The village is decorated with flags and bunting,
 perhaps for the 1936 Coronation. A single car approaches

 Birch Wood. Although all of these houses remain, the scene today looks quite different.

 The 1911 Coronationof King GeorgeV and Queen Mary. A band leads the procession through the village.

 An early 20th century view, looking down Yeardsley Lane. A row of four houses was built in 1914 where we see the stone wall of the right. We can see the back of the building that wasto become the Garage but this is before extensions were added to the side and rear.
 A view of the Printworks from the canal towing path. The woman is Mrs Swindells

 Digging for victory. Furness Vale School Garden in wartime was given over to growing vegetables

 The teacher on the left is Walter Mason. In the background are two of the small bungalows which once stood on Yeardsley Lane
 Miss Hobson. A popular teacher still well remembered in the village. She was an enthusiastic historian and recorded much of our village's heritage

 The 1911 Coronation of King George V saw great celebrations in the village. It seems that most of the population took part in the procession along Buxton Road.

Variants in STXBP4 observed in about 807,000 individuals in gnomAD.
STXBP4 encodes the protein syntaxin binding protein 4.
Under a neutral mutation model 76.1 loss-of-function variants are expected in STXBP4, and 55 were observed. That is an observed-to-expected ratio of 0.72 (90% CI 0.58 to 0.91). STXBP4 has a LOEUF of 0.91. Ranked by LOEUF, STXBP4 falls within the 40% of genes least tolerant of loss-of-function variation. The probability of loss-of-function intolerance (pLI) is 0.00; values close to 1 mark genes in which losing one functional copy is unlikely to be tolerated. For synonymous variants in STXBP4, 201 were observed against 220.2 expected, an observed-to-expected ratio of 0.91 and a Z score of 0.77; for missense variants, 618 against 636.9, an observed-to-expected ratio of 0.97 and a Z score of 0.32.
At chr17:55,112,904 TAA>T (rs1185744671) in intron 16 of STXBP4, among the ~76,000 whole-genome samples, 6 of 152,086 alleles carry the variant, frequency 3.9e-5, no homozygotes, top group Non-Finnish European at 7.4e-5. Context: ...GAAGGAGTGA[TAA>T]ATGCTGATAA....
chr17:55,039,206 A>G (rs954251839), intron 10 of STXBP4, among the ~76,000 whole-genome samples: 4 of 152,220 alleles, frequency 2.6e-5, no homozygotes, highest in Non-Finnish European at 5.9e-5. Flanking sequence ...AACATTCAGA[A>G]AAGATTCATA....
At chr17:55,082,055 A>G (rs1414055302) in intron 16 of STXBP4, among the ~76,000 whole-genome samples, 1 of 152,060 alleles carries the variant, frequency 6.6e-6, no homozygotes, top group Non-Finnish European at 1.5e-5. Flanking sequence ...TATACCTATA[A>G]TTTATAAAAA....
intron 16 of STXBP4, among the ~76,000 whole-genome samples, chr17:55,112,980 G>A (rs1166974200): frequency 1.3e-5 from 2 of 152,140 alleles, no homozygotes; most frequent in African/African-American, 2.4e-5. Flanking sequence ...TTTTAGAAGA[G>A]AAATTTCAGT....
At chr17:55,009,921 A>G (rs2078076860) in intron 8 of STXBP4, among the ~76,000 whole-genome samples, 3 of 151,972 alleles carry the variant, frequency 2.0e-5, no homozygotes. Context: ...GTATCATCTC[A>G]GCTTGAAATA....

Ladies in Edwardian dress parade past the Post Office and Lowe's confectionery shop. We don't know the occasion; it is not a celebratory event for there are no street decorations.

 The Soldier Dick and Buxton Road. The village is festooned with bunting, probably for the 1936 Coronation of King George VI. Note the telephone box on the right hand side. This is an example of the K1 style installed between 1927 and 1929. These were constructed from pre-cast concrete with metal doors and window frames. The two storey extension to the pub was, at this time, Ford's Ironmonger shop.